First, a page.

Anyway, unlike having sex, the IVF worked and two embryos were implanted, they resulted in pregnancy and by about Christmas 2020, the surrogate gave birth to these children in New South Wales. It was at this point that there was a fallout between the intended parents and the surrogate and her husband.

At which point, and it’s not clear, I should say it’s not clear that the IVF clinic was told that there was surrogacy. It may well have been because the surrogate got pregnant, but she went along to the clinic, there may have been some representation that was different to the truth.

But in the event, she gives birth and then she and her husband want money and astoundingly a letter is written by a lawyer on their behalf, an Australian lawyer, referring to the Surrogacy Act of New South Wales, noting that New South Wales does not allow commercial surrogacy, and demanding, by way of the reasonable expenses, that’s what it was described as, all the reasonable costs, $290,000 Australian.

So what would appear on its face to be an act of extortion? Something that is clearly over the top in terms of expenses and to put it into perspective, $290,000 is about the same as what you would spend if you went to the world’s most expensive surrogacy agency, which happens to be very, very, very good and doesn’t involve itself in acts of extortion, it’s a smooth journey.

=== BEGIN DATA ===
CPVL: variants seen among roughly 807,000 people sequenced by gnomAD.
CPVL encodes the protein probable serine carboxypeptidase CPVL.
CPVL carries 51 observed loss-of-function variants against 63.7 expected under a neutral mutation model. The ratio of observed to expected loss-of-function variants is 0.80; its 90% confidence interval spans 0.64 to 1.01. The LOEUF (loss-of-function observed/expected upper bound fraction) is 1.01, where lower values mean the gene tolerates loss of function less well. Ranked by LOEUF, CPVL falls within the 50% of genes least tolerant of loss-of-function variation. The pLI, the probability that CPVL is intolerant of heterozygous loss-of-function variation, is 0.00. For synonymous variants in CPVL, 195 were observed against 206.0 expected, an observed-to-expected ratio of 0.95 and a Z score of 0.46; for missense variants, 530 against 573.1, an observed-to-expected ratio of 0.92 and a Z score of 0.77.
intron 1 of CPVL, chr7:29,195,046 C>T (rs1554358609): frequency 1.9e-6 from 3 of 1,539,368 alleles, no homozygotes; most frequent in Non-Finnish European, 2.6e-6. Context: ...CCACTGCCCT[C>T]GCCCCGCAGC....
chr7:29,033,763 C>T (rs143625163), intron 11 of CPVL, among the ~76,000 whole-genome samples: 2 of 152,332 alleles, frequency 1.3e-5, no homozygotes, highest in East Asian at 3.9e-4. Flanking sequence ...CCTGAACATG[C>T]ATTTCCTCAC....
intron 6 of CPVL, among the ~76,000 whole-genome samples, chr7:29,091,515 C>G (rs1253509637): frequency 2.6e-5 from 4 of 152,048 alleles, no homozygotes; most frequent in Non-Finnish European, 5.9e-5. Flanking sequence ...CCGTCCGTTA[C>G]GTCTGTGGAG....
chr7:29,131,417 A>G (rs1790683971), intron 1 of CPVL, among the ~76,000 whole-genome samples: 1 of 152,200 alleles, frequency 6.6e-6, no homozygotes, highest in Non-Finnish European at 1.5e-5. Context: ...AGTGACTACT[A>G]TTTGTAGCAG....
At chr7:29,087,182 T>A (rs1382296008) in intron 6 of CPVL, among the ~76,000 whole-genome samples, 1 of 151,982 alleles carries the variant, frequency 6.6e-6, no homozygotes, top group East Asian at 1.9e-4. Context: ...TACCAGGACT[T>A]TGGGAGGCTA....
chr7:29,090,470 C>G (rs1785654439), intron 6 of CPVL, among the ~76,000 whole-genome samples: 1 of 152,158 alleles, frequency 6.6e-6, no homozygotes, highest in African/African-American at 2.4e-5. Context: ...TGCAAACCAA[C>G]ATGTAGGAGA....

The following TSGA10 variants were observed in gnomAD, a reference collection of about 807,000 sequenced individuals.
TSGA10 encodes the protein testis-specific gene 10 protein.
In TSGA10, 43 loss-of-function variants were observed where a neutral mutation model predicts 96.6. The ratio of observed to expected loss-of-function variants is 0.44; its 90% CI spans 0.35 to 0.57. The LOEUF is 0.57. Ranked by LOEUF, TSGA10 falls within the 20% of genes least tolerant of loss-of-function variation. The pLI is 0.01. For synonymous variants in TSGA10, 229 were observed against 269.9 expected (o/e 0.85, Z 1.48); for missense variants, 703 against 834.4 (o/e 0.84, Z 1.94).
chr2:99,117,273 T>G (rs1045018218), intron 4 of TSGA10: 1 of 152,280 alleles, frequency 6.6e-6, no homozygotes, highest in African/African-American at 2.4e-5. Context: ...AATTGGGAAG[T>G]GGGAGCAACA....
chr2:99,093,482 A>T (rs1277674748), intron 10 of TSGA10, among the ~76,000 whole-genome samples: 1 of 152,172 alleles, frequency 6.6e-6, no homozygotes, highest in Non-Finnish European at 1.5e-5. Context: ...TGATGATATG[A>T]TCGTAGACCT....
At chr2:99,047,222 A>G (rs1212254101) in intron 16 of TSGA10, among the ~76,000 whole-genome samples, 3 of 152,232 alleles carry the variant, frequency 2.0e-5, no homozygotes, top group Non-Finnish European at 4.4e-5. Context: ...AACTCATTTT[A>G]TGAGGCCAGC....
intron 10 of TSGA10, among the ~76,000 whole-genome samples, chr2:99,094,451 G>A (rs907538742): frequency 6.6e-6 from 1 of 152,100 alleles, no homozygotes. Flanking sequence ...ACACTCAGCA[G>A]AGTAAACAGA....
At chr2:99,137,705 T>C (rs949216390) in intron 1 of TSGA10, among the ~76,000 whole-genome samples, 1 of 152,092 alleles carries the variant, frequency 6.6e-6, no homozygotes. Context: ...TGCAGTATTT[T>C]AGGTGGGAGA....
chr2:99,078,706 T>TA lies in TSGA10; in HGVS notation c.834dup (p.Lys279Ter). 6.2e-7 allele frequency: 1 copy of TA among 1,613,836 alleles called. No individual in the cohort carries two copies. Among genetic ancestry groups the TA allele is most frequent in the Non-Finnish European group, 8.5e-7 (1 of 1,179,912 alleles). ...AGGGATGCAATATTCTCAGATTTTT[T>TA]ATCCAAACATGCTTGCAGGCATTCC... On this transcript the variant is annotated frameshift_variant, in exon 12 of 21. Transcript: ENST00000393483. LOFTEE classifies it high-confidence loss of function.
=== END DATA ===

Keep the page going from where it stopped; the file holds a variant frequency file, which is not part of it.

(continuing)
So here is the world’s most expensive surrogacy journey, or close to it, with this demand for $290,000. No surprise that the intended parents did not pay it, and the children remained with the surrogate. The result was that the intended parents immediately brought proceedings in the family court, and the poor family court judge had to deal with this mess.

What was the outcome? Well, no surprise that the children ended up with the intended parents, and no surprise that the family court judge referred all four parties to New South Wales authorities for investigation as to whether they had committed offences under the Surrogacy Act.

But in addition to that, the judge notified the lawyer involved that she had a case to answer to give her the opportunity before she was referred to authorities, including the Legal Services Commission of New South Wales, the body responsible for discipling lawyers.

What did this lawyer do? Take her file, the file of her clients, remove it from that law firm, resign from that law firm, not tell her employers about this process, this complaint process that was happening, and just took off, disappeared. So the employer law firm discovered that the employee had left, the file had gone, and none the wiser as to what had occurred.

So here is an example where intended parents, surrogate and a husband should have got legal advice from an Australian legal practitioner right at the beginning, done it right, and not ended up in a terrible, terrible mess.

If you want to know how to do surrogacy right, go and look at my book, When Not If: Surrogacy for Australians, you can find it on my website, Stephenpage.com.au or through the Page Provan website. It’ll talk about my professional journey with surrogacy, I’m up to about 1,800 surrogacy journeys I’ve advised about since 1998.

It also talks about my personal journey through infertility and surrogacy. But much more importantly, gives you bucket loads of information about surrogacy. There’s more there than you could dream about. Go and have a look at it, and it’ll help you on your journey. Good luck.

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Family law Practitioners Association
International Academy of Family Lawyers - IAFL
Mediator Standards Board